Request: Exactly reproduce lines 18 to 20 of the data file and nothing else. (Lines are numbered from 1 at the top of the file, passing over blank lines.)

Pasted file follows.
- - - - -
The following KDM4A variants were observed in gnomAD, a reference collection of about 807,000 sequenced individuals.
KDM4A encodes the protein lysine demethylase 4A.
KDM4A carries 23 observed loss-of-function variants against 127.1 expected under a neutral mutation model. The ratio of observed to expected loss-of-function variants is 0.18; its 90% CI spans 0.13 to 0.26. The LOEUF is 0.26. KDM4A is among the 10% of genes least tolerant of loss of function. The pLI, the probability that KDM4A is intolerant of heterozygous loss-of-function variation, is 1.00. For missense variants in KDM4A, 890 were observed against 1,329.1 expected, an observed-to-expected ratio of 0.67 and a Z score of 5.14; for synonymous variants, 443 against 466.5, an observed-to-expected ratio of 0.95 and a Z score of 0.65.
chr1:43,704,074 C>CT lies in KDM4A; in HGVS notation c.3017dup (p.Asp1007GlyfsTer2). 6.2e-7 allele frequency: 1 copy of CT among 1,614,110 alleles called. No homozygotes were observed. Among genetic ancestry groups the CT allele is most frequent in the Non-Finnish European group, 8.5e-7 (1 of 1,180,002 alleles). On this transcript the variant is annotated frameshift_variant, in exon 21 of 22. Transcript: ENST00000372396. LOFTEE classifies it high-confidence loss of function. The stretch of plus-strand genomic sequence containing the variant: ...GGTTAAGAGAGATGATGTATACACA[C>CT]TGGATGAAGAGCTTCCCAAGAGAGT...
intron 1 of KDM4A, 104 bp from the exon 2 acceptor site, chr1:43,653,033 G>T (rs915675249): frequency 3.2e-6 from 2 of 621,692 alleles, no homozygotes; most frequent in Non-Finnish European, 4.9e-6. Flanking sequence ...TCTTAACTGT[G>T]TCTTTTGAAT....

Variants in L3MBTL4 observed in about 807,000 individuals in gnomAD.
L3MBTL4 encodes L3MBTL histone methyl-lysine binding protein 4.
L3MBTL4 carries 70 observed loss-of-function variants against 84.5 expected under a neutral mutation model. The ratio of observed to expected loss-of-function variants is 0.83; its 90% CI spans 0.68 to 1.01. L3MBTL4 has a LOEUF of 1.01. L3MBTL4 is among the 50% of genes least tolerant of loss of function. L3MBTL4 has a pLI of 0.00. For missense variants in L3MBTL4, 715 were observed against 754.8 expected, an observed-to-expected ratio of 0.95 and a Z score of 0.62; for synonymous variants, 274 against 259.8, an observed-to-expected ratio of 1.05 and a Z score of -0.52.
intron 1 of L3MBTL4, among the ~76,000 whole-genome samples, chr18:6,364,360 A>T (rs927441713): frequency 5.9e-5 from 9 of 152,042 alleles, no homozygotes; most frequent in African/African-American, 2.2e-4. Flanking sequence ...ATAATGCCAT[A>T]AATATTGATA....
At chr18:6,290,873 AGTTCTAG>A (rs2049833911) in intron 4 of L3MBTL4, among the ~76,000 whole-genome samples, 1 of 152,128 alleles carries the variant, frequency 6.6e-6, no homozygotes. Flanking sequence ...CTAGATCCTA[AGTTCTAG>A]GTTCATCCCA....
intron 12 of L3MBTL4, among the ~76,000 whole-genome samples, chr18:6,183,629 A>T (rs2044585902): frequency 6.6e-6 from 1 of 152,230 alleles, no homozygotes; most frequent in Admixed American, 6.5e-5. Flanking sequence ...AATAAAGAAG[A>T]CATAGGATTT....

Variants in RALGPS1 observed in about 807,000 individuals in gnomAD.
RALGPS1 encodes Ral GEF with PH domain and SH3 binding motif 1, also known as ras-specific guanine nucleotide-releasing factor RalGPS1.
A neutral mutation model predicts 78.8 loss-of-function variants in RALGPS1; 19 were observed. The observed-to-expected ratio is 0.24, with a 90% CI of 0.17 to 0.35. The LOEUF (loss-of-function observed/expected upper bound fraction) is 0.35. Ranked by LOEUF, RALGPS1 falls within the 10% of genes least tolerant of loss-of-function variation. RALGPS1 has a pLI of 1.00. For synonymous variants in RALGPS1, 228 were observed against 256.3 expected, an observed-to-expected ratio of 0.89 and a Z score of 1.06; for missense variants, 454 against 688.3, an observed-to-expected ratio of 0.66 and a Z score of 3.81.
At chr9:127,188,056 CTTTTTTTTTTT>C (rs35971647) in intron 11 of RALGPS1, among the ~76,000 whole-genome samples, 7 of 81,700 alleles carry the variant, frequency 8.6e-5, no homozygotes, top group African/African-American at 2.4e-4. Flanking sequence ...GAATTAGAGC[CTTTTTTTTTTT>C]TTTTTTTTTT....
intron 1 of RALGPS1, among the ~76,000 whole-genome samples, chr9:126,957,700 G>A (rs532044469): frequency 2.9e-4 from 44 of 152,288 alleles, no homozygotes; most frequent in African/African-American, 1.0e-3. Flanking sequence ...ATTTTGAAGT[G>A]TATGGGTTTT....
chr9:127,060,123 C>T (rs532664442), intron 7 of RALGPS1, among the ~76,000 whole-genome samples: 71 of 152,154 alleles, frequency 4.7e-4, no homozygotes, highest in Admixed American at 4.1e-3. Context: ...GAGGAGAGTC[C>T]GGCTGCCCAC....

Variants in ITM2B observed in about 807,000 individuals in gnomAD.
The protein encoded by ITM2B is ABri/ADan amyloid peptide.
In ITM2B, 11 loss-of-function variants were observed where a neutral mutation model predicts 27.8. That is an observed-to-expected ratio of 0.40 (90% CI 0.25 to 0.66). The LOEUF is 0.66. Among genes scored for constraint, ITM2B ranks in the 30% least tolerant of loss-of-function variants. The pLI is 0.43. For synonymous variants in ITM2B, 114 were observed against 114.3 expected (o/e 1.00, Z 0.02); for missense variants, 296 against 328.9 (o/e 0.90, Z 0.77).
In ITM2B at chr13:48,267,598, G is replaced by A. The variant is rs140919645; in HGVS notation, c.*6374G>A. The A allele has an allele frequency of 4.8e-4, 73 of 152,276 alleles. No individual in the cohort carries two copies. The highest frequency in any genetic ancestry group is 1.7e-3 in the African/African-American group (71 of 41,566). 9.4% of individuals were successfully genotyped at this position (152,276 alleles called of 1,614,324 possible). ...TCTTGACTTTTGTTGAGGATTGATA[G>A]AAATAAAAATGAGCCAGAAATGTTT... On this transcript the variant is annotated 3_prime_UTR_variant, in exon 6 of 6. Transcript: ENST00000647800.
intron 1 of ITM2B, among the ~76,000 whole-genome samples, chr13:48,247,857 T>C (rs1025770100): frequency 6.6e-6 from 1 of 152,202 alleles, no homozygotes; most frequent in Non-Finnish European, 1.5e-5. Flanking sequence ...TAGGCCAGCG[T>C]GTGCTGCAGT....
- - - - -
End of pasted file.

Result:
Variants in ITM2B observed in about 807,000 individuals in gnomAD.
The protein encoded by ITM2B is ABri/ADan amyloid peptide.
In ITM2B, 11 loss-of-function variants were observed where a neutral mutation model predicts 27.8. That is an observed-to-expected ratio of 0.40 (90% CI 0.25 to 0.66). The LOEUF is 0.66. Among genes scored for constraint, ITM2B ranks in the 30% least tolerant of loss-of-function variants. The pLI is 0.43. For synonymous variants in ITM2B, 114 were observed against 114.3 expected (o/e 1.00, Z 0.02); for missense variants, 296 against 328.9 (o/e 0.90, Z 0.77).